Expert:  socrateaser replied 1 year ago.

I understand and I wish to show good faith. My issue is concerning my question to you as to "specific" matters that were negligently "waived" by my appellate lawyer.I am not requesting that you provide a lengthy explanation at all. We've discussed my case with detail (of course, not everything in my case as it would take all year). However, can you itemize the specific issues that she failed to raise on appeal and, had she raised them, my rights to argue them on appeal would not have been waived.

A:

 

(1) failure to raise judicial prejudice on appeal; (waived)

(2) failure to raise violation of the ADA on appeal; (waived)

(3) deceptive/unfair trade practice; (separate cause of action against appeals lawyer)

(4) Intentional misrepresentation (fraud); (separate cause of action against appeals lawyer -- but only if the lawyer made representations about her services or credentials which were false and which induced you to hire the lawyer)

 

Although you have given insight, I am still seeking just a "quick list" of specific, critical waived issues (either errors or discretion abuse) that were included in trial and, therefore, subject to proper raising on appeal. Is that something that you can assist me with?

 

A: The other possible claims (if any) which may have been waived on appeal (and which I identified generally in my first answer to you) are beyond my capacity to identify, because they would require me to review your entire case file and look for things which the appellate lawyer could have appealed but did not.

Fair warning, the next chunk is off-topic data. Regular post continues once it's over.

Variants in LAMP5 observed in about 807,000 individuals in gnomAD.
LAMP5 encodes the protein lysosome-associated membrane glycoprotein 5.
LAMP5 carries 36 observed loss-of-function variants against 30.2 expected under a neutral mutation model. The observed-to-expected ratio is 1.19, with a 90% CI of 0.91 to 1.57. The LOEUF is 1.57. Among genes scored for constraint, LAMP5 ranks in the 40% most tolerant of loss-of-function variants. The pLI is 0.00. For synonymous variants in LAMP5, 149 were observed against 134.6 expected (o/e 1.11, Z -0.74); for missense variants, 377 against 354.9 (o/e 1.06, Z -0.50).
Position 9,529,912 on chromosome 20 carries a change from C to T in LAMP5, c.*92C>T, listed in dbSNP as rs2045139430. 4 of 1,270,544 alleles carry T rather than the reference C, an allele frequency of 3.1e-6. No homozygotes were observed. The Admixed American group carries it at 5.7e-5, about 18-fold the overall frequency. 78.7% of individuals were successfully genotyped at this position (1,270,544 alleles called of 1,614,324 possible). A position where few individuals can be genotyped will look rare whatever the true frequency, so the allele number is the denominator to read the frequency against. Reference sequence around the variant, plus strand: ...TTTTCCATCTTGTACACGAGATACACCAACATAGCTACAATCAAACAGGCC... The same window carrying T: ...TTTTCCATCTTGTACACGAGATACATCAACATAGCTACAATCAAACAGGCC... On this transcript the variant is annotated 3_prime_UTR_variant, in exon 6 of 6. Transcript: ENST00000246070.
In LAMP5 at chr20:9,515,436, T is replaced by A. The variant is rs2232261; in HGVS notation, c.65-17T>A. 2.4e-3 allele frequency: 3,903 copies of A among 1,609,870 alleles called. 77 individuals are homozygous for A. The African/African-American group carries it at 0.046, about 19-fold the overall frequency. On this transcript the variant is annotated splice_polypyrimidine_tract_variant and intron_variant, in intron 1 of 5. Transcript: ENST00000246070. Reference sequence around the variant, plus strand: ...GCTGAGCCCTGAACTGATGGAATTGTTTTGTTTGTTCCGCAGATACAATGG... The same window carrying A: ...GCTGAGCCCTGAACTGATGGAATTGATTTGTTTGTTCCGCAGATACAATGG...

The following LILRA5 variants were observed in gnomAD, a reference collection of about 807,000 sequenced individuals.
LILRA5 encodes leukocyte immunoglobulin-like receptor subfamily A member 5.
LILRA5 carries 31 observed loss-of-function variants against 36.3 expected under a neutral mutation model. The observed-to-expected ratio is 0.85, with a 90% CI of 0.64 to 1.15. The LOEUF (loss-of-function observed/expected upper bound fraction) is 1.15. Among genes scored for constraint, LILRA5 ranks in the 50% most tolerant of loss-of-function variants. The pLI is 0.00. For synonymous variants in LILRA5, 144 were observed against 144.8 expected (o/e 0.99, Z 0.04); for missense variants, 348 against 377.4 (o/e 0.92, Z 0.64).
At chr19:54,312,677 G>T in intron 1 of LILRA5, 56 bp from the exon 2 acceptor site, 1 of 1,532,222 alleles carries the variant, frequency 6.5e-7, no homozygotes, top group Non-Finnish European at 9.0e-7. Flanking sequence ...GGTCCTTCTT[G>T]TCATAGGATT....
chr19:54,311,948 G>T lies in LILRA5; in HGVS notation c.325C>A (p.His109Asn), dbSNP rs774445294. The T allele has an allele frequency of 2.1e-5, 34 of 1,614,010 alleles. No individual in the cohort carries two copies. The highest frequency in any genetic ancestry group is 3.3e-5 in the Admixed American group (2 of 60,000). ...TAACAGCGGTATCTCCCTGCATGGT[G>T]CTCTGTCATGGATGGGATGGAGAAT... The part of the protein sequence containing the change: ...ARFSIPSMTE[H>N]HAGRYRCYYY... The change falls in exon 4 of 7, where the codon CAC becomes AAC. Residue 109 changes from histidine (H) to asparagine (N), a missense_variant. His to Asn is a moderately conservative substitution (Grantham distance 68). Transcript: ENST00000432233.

My initial question was objective-possible issues that should always be raised on appeal because they are the law of the Fla. Statute (61), the Fla. Fam. R. Procedure and any other legal certainties of which should have been raised on appeal.

A: I gave you every possibility in my first answer. Then you filled in the blanks about portions of your case, and I narrowed my thinking to what seems to be your primary focus, i.e., you were subjected to repeated judicial prejudices -- a portion of which may have been due to your requiring ADA reasonable accommodations, which could have been used to reverse the family court's judgment on appeal.